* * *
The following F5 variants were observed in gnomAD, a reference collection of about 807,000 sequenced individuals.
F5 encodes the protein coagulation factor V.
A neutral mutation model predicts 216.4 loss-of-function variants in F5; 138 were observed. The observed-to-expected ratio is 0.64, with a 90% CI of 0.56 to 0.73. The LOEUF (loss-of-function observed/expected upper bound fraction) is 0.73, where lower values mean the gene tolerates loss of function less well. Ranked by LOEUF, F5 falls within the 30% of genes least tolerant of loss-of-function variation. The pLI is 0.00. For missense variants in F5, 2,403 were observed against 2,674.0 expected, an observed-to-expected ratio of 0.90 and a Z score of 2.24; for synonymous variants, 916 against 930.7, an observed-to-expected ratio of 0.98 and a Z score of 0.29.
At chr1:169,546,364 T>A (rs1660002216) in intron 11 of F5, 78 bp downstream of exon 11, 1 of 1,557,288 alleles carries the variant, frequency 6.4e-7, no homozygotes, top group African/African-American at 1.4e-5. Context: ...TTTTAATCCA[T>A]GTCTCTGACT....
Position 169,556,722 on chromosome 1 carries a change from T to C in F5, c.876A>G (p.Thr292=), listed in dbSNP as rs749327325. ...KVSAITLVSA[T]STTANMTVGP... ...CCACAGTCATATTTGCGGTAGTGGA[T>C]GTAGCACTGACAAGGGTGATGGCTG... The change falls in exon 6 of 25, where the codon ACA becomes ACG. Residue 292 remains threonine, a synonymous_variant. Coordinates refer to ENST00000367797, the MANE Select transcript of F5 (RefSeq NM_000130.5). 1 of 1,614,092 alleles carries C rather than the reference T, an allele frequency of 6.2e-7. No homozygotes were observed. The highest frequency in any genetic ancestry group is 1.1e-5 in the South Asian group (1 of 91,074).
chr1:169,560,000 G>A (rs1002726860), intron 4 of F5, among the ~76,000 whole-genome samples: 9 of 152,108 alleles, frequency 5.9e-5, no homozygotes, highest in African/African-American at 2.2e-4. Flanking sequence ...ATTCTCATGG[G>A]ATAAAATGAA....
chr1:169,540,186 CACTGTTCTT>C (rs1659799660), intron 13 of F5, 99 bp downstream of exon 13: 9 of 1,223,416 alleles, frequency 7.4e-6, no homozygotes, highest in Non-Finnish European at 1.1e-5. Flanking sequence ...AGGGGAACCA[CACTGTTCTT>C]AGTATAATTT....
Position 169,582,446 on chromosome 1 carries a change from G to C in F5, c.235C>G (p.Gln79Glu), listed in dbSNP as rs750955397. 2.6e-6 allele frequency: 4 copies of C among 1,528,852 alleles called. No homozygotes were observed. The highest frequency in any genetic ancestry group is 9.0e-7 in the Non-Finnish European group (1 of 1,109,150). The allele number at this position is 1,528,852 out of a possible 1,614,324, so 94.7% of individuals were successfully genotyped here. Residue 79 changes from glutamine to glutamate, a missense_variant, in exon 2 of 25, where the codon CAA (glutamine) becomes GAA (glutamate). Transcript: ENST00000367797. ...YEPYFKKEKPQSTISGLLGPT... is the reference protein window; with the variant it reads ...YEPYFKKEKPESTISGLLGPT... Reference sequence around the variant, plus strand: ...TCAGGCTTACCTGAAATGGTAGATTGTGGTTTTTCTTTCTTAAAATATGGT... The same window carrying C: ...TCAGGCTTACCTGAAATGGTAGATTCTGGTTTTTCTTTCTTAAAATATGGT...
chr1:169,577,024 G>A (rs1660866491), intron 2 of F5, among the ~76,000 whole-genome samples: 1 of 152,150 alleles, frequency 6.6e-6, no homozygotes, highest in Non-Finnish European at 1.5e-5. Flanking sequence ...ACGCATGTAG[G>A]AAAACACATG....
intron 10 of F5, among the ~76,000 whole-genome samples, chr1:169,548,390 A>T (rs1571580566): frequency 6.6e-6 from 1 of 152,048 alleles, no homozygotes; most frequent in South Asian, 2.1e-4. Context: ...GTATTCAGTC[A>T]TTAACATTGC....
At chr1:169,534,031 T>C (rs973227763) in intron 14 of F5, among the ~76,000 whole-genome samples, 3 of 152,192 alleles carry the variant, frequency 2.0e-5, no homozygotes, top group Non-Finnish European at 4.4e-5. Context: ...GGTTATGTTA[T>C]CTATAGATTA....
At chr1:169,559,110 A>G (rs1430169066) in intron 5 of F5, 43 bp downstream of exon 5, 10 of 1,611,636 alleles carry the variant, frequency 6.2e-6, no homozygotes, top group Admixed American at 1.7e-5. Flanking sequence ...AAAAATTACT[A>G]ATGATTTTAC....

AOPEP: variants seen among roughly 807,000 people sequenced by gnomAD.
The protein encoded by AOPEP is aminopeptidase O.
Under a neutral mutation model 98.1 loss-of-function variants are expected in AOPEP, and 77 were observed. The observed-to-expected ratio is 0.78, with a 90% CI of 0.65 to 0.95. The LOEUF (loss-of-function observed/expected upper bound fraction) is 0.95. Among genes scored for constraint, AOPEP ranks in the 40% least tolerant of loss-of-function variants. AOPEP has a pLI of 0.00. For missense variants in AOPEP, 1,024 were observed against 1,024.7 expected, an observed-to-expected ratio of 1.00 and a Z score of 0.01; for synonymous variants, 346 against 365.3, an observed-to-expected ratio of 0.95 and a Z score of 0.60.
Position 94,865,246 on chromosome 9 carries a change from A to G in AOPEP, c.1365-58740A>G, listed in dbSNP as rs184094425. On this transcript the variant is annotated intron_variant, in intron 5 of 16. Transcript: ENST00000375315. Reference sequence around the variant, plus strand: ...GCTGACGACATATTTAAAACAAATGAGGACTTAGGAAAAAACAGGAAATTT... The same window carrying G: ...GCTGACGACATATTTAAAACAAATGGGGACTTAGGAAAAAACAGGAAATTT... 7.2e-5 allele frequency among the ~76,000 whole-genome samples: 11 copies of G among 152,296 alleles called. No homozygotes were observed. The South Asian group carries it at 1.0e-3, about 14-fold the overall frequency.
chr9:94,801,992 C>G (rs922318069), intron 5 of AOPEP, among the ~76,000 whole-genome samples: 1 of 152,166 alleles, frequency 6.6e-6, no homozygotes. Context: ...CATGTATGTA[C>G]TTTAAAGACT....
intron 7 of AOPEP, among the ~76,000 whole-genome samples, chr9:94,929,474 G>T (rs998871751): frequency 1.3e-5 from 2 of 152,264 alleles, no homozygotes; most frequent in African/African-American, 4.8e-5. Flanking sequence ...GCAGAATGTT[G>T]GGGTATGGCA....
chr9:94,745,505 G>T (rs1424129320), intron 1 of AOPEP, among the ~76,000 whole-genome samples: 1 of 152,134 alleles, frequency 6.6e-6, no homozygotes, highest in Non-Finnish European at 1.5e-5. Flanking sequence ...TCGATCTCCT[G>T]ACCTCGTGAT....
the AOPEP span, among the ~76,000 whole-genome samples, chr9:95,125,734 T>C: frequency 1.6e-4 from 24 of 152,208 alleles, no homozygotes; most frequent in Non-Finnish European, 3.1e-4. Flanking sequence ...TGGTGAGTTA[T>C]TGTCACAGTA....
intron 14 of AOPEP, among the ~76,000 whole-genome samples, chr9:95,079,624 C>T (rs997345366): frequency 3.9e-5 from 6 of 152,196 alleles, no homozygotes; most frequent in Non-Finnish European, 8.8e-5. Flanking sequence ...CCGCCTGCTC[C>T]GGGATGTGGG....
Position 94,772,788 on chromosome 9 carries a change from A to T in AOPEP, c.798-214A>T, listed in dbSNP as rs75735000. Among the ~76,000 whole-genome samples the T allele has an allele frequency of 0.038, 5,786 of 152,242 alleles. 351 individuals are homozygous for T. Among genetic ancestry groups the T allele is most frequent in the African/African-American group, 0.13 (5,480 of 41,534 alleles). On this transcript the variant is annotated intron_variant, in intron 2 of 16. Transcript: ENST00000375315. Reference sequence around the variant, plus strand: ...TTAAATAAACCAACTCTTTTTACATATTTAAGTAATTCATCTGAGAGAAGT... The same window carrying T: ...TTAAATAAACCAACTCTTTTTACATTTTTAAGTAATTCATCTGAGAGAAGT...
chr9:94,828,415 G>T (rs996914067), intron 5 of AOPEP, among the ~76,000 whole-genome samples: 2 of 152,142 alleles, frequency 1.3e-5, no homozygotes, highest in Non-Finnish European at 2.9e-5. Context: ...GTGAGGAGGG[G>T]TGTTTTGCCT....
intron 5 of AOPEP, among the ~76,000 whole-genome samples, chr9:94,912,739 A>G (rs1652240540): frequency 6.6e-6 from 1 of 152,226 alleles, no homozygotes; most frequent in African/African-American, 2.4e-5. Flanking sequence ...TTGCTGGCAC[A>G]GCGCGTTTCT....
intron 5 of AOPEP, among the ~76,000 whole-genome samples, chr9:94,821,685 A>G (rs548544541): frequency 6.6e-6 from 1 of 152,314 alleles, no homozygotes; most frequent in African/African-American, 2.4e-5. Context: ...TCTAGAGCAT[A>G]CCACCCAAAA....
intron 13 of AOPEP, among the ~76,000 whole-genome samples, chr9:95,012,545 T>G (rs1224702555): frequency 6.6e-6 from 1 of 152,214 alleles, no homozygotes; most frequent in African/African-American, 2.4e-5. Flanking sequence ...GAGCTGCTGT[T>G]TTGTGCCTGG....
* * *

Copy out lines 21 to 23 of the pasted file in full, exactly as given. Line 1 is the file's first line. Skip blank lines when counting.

intron 14 of AOPEP, among the ~76,000 whole-genome samples, chr9:95,079,624 C>T (rs997345366): frequency 3.9e-5 from 6 of 152,196 alleles, no homozygotes; most frequent in Non-Finnish European, 8.8e-5. Flanking sequence ...CCGCCTGCTC[C>T]GGGATGTGGG....
Position 94,772,788 on chromosome 9 carries a change from A to T in AOPEP, c.798-214A>T, listed in dbSNP as rs75735000. Among the ~76,000 whole-genome samples the T allele has an allele frequency of 0.038, 5,786 of 152,242 alleles. 351 individuals are homozygous for T. Among genetic ancestry groups the T allele is most frequent in the African/African-American group, 0.13 (5,480 of 41,534 alleles). On this transcript the variant is annotated intron_variant, in intron 2 of 16. Transcript: ENST00000375315. Reference sequence around the variant, plus strand: ...TTAAATAAACCAACTCTTTTTACATATTTAAGTAATTCATCTGAGAGAAGT... The same window carrying T: ...TTAAATAAACCAACTCTTTTTACATTTTTAAGTAATTCATCTGAGAGAAGT...
chr9:94,828,415 G>T (rs996914067), intron 5 of AOPEP, among the ~76,000 whole-genome samples: 2 of 152,142 alleles, frequency 1.3e-5, no homozygotes, highest in Non-Finnish European at 2.9e-5. Context: ...GTGAGGAGGG[G>T]TGTTTTGCCT....